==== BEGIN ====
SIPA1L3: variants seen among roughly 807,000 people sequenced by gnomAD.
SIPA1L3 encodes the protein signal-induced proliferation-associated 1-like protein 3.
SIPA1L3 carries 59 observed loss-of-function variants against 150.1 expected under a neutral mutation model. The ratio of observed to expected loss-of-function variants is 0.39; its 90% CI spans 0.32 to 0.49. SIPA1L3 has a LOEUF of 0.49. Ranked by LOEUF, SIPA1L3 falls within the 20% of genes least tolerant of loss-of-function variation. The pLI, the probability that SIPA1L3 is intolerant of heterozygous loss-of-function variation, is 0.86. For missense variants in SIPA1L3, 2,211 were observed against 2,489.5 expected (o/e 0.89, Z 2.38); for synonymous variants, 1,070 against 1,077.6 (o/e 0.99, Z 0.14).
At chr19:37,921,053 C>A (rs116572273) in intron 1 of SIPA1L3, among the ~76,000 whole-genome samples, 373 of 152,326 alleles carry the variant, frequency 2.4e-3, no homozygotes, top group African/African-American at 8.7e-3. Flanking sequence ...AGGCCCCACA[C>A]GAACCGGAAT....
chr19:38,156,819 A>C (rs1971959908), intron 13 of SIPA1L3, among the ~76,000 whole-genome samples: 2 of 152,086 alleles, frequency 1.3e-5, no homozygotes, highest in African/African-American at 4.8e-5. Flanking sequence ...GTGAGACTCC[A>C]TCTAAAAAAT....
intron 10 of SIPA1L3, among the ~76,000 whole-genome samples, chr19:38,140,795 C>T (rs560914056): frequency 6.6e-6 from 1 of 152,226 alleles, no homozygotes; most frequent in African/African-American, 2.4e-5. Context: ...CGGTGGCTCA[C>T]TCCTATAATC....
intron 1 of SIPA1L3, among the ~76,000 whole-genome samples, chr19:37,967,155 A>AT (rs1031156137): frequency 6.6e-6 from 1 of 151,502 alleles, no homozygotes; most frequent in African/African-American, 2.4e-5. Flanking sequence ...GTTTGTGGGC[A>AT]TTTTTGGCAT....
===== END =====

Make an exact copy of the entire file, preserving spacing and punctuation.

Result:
SIPA1L3: variants seen among roughly 807,000 people sequenced by gnomAD.
SIPA1L3 encodes the protein signal-induced proliferation-associated 1-like protein 3.
SIPA1L3 carries 59 observed loss-of-function variants against 150.1 expected under a neutral mutation model. The ratio of observed to expected loss-of-function variants is 0.39; its 90% CI spans 0.32 to 0.49. SIPA1L3 has a LOEUF of 0.49. Ranked by LOEUF, SIPA1L3 falls within the 20% of genes least tolerant of loss-of-function variation. The pLI, the probability that SIPA1L3 is intolerant of heterozygous loss-of-function variation, is 0.86. For missense variants in SIPA1L3, 2,211 were observed against 2,489.5 expected (o/e 0.89, Z 2.38); for synonymous variants, 1,070 against 1,077.6 (o/e 0.99, Z 0.14).
At chr19:37,921,053 C>A (rs116572273) in intron 1 of SIPA1L3, among the ~76,000 whole-genome samples, 373 of 152,326 alleles carry the variant, frequency 2.4e-3, no homozygotes, top group African/African-American at 8.7e-3. Flanking sequence ...AGGCCCCACA[C>A]GAACCGGAAT....
chr19:38,156,819 A>C (rs1971959908), intron 13 of SIPA1L3, among the ~76,000 whole-genome samples: 2 of 152,086 alleles, frequency 1.3e-5, no homozygotes, highest in African/African-American at 4.8e-5. Flanking sequence ...GTGAGACTCC[A>C]TCTAAAAAAT....
intron 10 of SIPA1L3, among the ~76,000 whole-genome samples, chr19:38,140,795 C>T (rs560914056): frequency 6.6e-6 from 1 of 152,226 alleles, no homozygotes; most frequent in African/African-American, 2.4e-5. Context: ...CGGTGGCTCA[C>T]TCCTATAATC....
intron 1 of SIPA1L3, among the ~76,000 whole-genome samples, chr19:37,967,155 A>AT (rs1031156137): frequency 6.6e-6 from 1 of 151,502 alleles, no homozygotes; most frequent in African/African-American, 2.4e-5. Flanking sequence ...GTTTGTGGGC[A>AT]TTTTTGGCAT....